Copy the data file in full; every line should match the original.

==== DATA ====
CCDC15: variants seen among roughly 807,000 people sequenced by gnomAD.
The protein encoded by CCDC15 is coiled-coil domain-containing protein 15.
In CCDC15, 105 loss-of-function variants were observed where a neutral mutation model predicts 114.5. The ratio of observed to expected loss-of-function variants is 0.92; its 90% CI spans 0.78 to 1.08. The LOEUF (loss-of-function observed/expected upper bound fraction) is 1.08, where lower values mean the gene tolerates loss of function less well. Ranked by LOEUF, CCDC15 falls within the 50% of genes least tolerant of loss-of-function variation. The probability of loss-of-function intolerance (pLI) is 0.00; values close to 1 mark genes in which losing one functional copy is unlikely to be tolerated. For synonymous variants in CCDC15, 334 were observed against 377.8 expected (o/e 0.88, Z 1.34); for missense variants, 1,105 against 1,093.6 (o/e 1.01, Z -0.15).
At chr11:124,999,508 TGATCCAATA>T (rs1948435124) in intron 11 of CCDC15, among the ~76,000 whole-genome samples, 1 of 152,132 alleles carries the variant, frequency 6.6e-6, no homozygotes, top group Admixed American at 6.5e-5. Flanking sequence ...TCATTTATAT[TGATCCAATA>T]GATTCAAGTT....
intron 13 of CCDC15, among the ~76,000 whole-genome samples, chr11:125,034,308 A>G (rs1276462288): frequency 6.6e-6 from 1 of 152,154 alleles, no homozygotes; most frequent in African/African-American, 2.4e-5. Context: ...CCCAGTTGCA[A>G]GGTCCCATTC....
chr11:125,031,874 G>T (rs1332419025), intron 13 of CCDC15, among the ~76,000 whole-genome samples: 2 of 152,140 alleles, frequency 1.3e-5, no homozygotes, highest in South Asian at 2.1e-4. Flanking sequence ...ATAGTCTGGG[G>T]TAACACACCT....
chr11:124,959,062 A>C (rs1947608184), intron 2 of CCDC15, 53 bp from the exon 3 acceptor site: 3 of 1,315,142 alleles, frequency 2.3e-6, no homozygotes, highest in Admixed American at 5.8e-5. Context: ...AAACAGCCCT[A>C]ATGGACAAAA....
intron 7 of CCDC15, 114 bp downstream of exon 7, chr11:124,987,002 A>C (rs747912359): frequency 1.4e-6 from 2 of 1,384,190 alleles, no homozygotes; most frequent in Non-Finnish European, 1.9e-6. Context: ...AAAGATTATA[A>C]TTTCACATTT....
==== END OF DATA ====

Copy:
CCDC15: variants seen among roughly 807,000 people sequenced by gnomAD.
The protein encoded by CCDC15 is coiled-coil domain-containing protein 15.
In CCDC15, 105 loss-of-function variants were observed where a neutral mutation model predicts 114.5. The ratio of observed to expected loss-of-function variants is 0.92; its 90% CI spans 0.78 to 1.08. The LOEUF (loss-of-function observed/expected upper bound fraction) is 1.08, where lower values mean the gene tolerates loss of function less well. Ranked by LOEUF, CCDC15 falls within the 50% of genes least tolerant of loss-of-function variation. The probability of loss-of-function intolerance (pLI) is 0.00; values close to 1 mark genes in which losing one functional copy is unlikely to be tolerated. For synonymous variants in CCDC15, 334 were observed against 377.8 expected (o/e 0.88, Z 1.34); for missense variants, 1,105 against 1,093.6 (o/e 1.01, Z -0.15).
At chr11:124,999,508 TGATCCAATA>T (rs1948435124) in intron 11 of CCDC15, among the ~76,000 whole-genome samples, 1 of 152,132 alleles carries the variant, frequency 6.6e-6, no homozygotes, top group Admixed American at 6.5e-5. Flanking sequence ...TCATTTATAT[TGATCCAATA>T]GATTCAAGTT....
intron 13 of CCDC15, among the ~76,000 whole-genome samples, chr11:125,034,308 A>G (rs1276462288): frequency 6.6e-6 from 1 of 152,154 alleles, no homozygotes; most frequent in African/African-American, 2.4e-5. Context: ...CCCAGTTGCA[A>G]GGTCCCATTC....
chr11:125,031,874 G>T (rs1332419025), intron 13 of CCDC15, among the ~76,000 whole-genome samples: 2 of 152,140 alleles, frequency 1.3e-5, no homozygotes, highest in South Asian at 2.1e-4. Flanking sequence ...ATAGTCTGGG[G>T]TAACACACCT....
chr11:124,959,062 A>C (rs1947608184), intron 2 of CCDC15, 53 bp from the exon 3 acceptor site: 3 of 1,315,142 alleles, frequency 2.3e-6, no homozygotes, highest in Admixed American at 5.8e-5. Context: ...AAACAGCCCT[A>C]ATGGACAAAA....
intron 7 of CCDC15, 114 bp downstream of exon 7, chr11:124,987,002 A>C (rs747912359): frequency 1.4e-6 from 2 of 1,384,190 alleles, no homozygotes; most frequent in Non-Finnish European, 1.9e-6. Context: ...AAAGATTATA[A>C]TTTCACATTT....